If you like bird watching you can’t miss visiting the Yaxha-Nakum-Naranjo National Park. Upon reaching the main area, Yaxha, you can get a beautiful view of Yaxha Lagoon and Sacnab Lagoon where you can see a variety of water birds flying over the amazing landscape.
In this place dozens of waterbirds lives, since it is one of the largest reservoirs of water in Guatemala. The cormorant is one of the most common birds of the aquatic ecosystems of our country.
Cormorant is the common name given to these birds, but there are several species that identify with it, for example, Neotropical Cormorant and Eared Cormorant.
The FLAAR Mesoamerica team had the opportunity to observe and photograph the different species in the locations that have been reported.
There are many characteristics that allow us to know what species we are observing! As it is the flight, the way they submerge, the distance, are characteristics we have to look to not confuse which is which. Even the reflection of the light can distort its colors or if they are submerged in half of his body we can not see some characteristics.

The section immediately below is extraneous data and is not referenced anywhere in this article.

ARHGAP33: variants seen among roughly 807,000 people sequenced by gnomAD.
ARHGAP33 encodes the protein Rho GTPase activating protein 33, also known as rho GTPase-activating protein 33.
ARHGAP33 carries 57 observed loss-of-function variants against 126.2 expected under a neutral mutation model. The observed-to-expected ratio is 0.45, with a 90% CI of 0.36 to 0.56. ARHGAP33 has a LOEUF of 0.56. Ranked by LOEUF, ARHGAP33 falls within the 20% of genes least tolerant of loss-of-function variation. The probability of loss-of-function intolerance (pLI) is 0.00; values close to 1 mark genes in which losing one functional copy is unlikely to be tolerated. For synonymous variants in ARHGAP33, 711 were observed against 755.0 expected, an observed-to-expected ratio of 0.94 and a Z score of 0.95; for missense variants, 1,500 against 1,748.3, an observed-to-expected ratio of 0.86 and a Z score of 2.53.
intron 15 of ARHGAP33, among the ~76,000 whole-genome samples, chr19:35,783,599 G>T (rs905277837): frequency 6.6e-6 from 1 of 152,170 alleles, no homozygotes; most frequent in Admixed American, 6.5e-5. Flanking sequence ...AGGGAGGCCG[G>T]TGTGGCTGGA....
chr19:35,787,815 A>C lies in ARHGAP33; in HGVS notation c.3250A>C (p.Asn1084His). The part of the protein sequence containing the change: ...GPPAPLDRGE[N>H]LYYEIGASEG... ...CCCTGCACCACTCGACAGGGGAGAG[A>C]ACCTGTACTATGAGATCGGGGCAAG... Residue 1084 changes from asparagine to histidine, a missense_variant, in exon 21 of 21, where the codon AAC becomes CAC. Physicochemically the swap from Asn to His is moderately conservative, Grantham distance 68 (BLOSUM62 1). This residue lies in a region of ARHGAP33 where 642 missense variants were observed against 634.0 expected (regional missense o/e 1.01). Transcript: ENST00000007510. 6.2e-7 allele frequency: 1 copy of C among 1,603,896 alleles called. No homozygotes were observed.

One of the species that can be confused with a cormorant is the water bird duck snake neck for its similarity to simple sight, although one of the easiest ways to know what specie is, is that the snake neck duck features colors like brown, white, gray, black, beige while the cormorant is black.
It is very common to observe the cormorants gathered in groups of four to nine birds. So, if someday you visit the Yaxha-Nakum-Naranjo National Park and you see the trees or trunks near the lagoon filled with groups of black birds, do not doubt that they are Cormorants, as they like to be in the company!
We invite you to know more about these birds and their characteristics by downloading our new Photo essay “Neotropical Cormorant”.
At Yaxha-Nakum-Naranjo National Park ( www.visityaxha.com their web page) in Petén, Guatemala, you can see lots of aquatic birds by the time you enjoy the boat tour at Yaxha Lagoon. And also enjoy nature and archeological sites in the National Park.
If you want to learn about other species, browse our site www.maya-ethnozoology.org and find out more about the animal world species that live in Mesoamerica.